18 Jan, 2008, 0608 hrs IST

Two childhood friends, one the son of a warrior, the other the son of a priest, promised to share all they possessed even in adulthood. Fortune, however, favoured only the warrior’s son. In desperation , with hesitation, the priest’s son, reduced to abject poverty, decided to approach his rich friend. This story has two endings.

In the Mahabharata, the pauper Drona, is insulted by his friend, Drupada, king of Panchal, for assuming that promises of childhood matter in adulthood. He is asked to beg for charity rather than demand a share of the royal fortune in the name of friendship. A furious Drona leaves the palace determined to become Drupada’s equal – a decision that leads to a spiral of vendetta that culminates in the bloody carnage at Kurukshetra. In the Bhagavata, however, the pauper is Sudama and he is warmly welcomed and showered with lavish gifts by his friend, Krishna. So how must a leader behave – like Krishna or Drupada? The answer is not as simple as one assumes.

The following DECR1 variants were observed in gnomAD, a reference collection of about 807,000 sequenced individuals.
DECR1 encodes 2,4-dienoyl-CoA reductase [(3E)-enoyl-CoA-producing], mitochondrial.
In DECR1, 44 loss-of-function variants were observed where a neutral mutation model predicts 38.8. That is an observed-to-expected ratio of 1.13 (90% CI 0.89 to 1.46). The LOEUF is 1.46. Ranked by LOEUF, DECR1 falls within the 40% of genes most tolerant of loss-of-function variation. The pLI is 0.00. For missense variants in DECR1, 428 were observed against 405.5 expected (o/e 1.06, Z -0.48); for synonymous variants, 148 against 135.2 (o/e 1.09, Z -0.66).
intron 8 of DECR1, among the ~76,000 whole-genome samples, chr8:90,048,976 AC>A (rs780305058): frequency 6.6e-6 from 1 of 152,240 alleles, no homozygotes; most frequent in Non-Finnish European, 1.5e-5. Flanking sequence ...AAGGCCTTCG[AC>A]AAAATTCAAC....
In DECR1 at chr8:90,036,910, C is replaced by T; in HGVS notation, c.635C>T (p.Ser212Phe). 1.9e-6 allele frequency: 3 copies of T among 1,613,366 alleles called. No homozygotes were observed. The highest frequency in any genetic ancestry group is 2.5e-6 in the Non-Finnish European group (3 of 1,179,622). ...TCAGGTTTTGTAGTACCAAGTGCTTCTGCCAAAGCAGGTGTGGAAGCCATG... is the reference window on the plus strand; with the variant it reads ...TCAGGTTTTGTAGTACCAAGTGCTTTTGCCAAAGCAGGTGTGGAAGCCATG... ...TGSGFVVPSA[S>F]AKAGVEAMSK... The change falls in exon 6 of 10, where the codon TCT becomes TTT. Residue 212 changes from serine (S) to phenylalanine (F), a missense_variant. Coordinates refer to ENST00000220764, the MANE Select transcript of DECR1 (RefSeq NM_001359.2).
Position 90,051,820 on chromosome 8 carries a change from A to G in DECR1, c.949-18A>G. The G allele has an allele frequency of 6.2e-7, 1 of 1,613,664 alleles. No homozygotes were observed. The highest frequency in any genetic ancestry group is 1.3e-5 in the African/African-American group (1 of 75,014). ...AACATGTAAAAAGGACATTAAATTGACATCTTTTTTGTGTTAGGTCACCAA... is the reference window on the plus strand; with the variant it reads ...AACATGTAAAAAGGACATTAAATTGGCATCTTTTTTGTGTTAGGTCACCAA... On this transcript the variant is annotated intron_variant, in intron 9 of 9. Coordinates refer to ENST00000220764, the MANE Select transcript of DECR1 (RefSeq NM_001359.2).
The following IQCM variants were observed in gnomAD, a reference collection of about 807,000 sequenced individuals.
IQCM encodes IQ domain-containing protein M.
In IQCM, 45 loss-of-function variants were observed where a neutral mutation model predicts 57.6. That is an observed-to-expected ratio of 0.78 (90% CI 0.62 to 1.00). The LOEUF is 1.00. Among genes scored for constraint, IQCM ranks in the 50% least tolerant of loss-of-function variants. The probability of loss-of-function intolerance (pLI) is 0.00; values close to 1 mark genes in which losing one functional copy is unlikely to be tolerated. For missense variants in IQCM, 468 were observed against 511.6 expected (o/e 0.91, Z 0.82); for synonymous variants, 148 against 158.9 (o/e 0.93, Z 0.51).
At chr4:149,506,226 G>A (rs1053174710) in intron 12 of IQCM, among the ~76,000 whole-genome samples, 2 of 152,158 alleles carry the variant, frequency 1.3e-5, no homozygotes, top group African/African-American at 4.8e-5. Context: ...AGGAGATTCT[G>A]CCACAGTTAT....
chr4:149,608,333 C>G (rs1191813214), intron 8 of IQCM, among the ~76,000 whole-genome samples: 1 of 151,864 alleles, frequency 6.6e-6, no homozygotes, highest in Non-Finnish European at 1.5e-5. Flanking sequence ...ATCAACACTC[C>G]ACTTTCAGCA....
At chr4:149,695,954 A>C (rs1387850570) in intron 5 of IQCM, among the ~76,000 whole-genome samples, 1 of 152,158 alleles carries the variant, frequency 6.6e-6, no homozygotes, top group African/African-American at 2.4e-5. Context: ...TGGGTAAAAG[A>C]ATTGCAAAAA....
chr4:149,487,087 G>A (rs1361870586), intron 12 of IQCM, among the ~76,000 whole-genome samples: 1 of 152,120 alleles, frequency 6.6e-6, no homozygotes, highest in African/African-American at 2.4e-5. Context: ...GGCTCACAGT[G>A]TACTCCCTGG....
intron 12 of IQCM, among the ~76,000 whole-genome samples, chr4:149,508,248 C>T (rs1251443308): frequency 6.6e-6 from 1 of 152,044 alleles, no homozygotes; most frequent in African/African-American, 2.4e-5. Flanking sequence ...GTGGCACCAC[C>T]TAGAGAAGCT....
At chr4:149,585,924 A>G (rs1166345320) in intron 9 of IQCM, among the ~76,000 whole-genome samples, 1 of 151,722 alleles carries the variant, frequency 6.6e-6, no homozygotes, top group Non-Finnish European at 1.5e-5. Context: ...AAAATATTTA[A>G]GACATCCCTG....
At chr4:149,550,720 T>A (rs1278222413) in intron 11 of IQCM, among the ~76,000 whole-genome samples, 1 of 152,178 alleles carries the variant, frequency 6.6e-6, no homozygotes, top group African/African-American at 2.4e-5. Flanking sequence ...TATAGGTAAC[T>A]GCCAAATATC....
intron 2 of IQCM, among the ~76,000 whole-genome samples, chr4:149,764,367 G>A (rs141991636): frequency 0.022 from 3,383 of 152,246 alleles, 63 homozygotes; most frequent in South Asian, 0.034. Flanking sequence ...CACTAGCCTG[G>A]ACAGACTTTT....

Drupada is doing what a king is supposed to: laying down the law, telling Drona not to curry personal favours, and advising him instead to behave in keeping with his role in society. As a priest, Drona can either ask for a fee (dakshina), if services are rendered, or for charity (daan), if no services were rendered. Drupada is doing the right thing. Unfortunately, he does so rather nastily, without empathy . His actions do not display the spirit of generosity and that is his undoing.

One often forgets why laws and rules and codes of conduct exist. They exist to ensure fairness. If there were no laws, anarchy would reign, might would be right, the meek would be at the mercy of the strong, favouritism and nepotism would breed, and only the fit would survive. Through laws, a leader overpowers the law of the jungle and creates a space where even the weak can thrive and grow to their fullest potential. Laws ensure that the urge of the strong and the loud to dominate is restrained so that the weakest can breed and the meekest are heard. Thus the ‘spirit of generosity’ underlies every ‘rule of restraint’ . At least it is supposed to.